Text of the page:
I like to argue that a key to successful crowdsourcing campaign is to ask a right question. It doesn’t really matter what this question is about, for as long as it well-thought-out, properly defined and clearly articulated. For, in the end, it’s precisely the quality of the question that makes your crowdsourcing campaign either success or failure.
Obviously, the ability to ask right questions matters not only in crowdsourcing, but in many other areas as well, including, not surprisingly, politics. I thought about that earlier today when watching the FOX News coverage of the Chattanooga, Tenn., shooting. During the interview with a former FBI official, a caption at the bottom of the screen read: “Chattanooga shooting raises question about lone wolf attack.”
Sure, the Chattanooga shooting raises many troubling questions; however, the one highlighted by the FOX News doesn’t strike me as the most pressing. The question I personally would love to have answered is this: How come that the Chattanooga shooter, Muhammad Youssuf Abdulazeez, had AK-47 in his possession? Who can explain to me why on earth a private person–whether a native or naturalized U.S. citizen; whether born in Kuwait, or Mexico or Kansas; whether a devout Muslim, or Christian, or Jew or an atheist; whether a lone wolf or a gang member; whether a school football player or a church choir singer; whether a brilliant student or delusional lunatic–can lay his hands on AK-47 assault weapon? Not a handgun or a hunting rifle, but the AK-47, a firearm which only real utility is to kill people?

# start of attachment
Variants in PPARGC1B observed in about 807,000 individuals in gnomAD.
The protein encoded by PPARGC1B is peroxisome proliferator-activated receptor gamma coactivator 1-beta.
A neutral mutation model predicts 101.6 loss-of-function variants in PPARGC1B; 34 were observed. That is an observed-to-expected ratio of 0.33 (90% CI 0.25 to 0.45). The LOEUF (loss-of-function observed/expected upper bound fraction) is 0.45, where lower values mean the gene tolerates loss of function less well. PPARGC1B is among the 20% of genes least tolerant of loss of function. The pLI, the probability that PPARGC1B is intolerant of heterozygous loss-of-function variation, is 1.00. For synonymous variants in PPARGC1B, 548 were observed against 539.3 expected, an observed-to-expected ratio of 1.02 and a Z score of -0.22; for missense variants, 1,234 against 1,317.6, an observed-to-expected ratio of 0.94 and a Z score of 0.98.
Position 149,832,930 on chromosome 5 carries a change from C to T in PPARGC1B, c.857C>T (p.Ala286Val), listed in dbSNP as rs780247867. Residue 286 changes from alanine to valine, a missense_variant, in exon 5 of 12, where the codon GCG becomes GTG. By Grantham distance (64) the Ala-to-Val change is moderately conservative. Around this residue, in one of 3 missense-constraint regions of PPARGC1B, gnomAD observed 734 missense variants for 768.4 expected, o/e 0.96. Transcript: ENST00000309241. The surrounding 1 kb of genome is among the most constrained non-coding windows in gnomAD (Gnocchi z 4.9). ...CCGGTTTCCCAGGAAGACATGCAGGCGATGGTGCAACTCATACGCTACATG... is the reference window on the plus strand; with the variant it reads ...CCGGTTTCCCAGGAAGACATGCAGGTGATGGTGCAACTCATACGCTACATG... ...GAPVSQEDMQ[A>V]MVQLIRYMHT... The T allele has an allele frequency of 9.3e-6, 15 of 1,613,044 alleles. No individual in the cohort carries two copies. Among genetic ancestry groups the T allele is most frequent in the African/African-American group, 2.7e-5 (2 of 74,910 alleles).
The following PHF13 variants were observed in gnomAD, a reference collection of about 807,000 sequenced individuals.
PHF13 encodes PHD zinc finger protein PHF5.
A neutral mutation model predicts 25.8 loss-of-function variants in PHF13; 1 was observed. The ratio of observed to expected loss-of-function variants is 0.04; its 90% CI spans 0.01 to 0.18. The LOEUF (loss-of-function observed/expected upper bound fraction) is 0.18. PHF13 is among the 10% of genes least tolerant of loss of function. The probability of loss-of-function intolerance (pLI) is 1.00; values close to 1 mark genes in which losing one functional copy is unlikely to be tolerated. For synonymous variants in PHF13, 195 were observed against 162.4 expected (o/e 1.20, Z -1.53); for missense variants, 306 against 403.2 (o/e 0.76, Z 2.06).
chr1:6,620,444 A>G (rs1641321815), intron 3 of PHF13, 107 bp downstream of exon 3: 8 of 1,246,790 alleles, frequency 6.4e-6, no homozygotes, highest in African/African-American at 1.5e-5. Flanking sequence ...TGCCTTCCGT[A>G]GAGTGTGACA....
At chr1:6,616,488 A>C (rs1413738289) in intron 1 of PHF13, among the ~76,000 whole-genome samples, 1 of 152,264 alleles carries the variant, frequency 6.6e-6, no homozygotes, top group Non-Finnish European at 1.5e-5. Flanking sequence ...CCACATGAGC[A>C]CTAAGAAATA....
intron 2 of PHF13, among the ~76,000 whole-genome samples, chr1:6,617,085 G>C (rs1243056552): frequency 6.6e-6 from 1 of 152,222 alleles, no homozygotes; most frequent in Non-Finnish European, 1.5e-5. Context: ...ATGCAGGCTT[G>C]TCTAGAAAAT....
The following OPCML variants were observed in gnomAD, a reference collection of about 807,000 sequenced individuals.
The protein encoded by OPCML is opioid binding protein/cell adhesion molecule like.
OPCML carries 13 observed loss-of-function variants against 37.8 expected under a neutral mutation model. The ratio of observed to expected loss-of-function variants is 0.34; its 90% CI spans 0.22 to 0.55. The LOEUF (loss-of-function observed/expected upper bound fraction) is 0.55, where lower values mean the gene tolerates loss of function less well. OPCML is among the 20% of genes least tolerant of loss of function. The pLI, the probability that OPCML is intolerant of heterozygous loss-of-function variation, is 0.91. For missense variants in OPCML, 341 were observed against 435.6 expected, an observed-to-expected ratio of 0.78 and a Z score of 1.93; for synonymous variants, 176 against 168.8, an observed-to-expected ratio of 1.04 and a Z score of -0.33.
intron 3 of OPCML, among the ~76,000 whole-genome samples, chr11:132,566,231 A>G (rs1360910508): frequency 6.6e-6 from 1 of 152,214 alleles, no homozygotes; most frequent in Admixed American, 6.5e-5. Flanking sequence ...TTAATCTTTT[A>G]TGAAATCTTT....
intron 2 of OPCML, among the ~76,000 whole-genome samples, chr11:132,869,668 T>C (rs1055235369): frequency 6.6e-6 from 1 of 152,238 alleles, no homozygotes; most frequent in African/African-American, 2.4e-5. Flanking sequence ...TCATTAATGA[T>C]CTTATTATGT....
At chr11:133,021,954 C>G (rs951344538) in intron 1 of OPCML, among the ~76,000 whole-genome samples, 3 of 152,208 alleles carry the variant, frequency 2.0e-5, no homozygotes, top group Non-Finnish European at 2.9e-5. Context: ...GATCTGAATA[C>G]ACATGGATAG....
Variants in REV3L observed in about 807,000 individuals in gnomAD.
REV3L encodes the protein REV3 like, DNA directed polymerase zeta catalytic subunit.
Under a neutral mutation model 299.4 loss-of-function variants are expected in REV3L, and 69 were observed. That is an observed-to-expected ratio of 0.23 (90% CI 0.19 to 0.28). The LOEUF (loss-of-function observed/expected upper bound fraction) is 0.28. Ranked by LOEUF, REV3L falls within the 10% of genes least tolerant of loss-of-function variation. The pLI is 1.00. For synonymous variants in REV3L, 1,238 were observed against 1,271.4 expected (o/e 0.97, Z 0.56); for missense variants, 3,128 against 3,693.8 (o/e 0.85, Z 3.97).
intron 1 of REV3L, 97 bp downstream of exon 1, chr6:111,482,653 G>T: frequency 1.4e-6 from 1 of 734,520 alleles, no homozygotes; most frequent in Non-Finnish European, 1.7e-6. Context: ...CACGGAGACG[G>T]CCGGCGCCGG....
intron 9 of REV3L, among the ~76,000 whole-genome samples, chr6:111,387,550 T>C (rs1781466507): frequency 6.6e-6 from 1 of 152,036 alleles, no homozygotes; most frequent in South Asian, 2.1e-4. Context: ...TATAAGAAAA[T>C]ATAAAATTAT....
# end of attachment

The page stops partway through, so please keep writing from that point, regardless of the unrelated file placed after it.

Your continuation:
(A side question to ask: is it a pure coincidence that such a shooting happened in Tennessee, the state that neither bans the sale of assault weapons nor requires background checks on private sales, the state that was rated with an “F” by the Law Center to Prevent Gun Violence?)
Every time a mass shooting happens in the United States, the question of gun control–real gun control– rises…and then gradually wanes until the next massacre. For as long as we choose ignoring this question–or keep asking other questions, like whether the shooter was sane or insane or whether he was “radicalized”–our attempts to fight gun violence will fail. Because it’s what inevitably happens to all campaigns that attempt to answer wrong questions.
Image credit: http://www.rt.com